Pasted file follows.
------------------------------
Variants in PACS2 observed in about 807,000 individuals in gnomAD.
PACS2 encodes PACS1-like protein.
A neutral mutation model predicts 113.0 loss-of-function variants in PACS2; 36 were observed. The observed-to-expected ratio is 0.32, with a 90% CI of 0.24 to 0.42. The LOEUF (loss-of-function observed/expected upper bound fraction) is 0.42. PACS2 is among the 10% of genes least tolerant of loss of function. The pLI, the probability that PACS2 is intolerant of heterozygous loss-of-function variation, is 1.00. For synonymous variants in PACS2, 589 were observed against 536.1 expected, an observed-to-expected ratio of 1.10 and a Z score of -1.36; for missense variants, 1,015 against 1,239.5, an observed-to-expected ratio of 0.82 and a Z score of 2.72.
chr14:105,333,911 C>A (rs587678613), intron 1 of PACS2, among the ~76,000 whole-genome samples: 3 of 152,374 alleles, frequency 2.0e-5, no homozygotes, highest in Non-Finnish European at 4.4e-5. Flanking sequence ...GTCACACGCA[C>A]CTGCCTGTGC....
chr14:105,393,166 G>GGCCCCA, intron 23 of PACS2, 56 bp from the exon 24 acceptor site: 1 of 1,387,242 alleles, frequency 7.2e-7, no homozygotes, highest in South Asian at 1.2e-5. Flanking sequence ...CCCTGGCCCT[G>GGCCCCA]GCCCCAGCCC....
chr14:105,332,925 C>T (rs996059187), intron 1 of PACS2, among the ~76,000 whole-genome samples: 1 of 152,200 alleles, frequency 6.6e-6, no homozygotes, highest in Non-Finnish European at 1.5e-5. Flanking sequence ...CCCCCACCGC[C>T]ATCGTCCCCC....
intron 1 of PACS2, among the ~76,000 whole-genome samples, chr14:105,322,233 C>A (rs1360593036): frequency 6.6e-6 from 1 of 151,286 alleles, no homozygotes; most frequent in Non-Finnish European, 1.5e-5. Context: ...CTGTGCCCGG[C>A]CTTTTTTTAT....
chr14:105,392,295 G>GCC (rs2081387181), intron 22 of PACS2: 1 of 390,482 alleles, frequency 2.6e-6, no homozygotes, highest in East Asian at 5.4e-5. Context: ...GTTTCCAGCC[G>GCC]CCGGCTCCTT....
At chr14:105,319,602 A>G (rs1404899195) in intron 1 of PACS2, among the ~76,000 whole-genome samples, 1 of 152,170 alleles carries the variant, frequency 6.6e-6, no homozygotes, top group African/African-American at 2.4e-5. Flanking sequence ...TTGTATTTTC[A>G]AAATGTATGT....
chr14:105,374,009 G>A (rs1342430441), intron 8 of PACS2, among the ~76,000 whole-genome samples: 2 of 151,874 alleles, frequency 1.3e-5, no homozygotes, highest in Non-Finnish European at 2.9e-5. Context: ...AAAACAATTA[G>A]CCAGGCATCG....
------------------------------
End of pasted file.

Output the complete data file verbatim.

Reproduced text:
Variants in PACS2 observed in about 807,000 individuals in gnomAD.
PACS2 encodes PACS1-like protein.
A neutral mutation model predicts 113.0 loss-of-function variants in PACS2; 36 were observed. The observed-to-expected ratio is 0.32, with a 90% CI of 0.24 to 0.42. The LOEUF (loss-of-function observed/expected upper bound fraction) is 0.42. PACS2 is among the 10% of genes least tolerant of loss of function. The pLI, the probability that PACS2 is intolerant of heterozygous loss-of-function variation, is 1.00. For synonymous variants in PACS2, 589 were observed against 536.1 expected, an observed-to-expected ratio of 1.10 and a Z score of -1.36; for missense variants, 1,015 against 1,239.5, an observed-to-expected ratio of 0.82 and a Z score of 2.72.
chr14:105,333,911 C>A (rs587678613), intron 1 of PACS2, among the ~76,000 whole-genome samples: 3 of 152,374 alleles, frequency 2.0e-5, no homozygotes, highest in Non-Finnish European at 4.4e-5. Flanking sequence ...GTCACACGCA[C>A]CTGCCTGTGC....
chr14:105,393,166 G>GGCCCCA, intron 23 of PACS2, 56 bp from the exon 24 acceptor site: 1 of 1,387,242 alleles, frequency 7.2e-7, no homozygotes, highest in South Asian at 1.2e-5. Flanking sequence ...CCCTGGCCCT[G>GGCCCCA]GCCCCAGCCC....
chr14:105,332,925 C>T (rs996059187), intron 1 of PACS2, among the ~76,000 whole-genome samples: 1 of 152,200 alleles, frequency 6.6e-6, no homozygotes, highest in Non-Finnish European at 1.5e-5. Flanking sequence ...CCCCCACCGC[C>T]ATCGTCCCCC....
intron 1 of PACS2, among the ~76,000 whole-genome samples, chr14:105,322,233 C>A (rs1360593036): frequency 6.6e-6 from 1 of 151,286 alleles, no homozygotes; most frequent in Non-Finnish European, 1.5e-5. Context: ...CTGTGCCCGG[C>A]CTTTTTTTAT....
chr14:105,392,295 G>GCC (rs2081387181), intron 22 of PACS2: 1 of 390,482 alleles, frequency 2.6e-6, no homozygotes, highest in East Asian at 5.4e-5. Context: ...GTTTCCAGCC[G>GCC]CCGGCTCCTT....
At chr14:105,319,602 A>G (rs1404899195) in intron 1 of PACS2, among the ~76,000 whole-genome samples, 1 of 152,170 alleles carries the variant, frequency 6.6e-6, no homozygotes, top group African/African-American at 2.4e-5. Flanking sequence ...TTGTATTTTC[A>G]AAATGTATGT....
chr14:105,374,009 G>A (rs1342430441), intron 8 of PACS2, among the ~76,000 whole-genome samples: 2 of 151,874 alleles, frequency 1.3e-5, no homozygotes, highest in Non-Finnish European at 2.9e-5. Context: ...AAAACAATTA[G>A]CCAGGCATCG....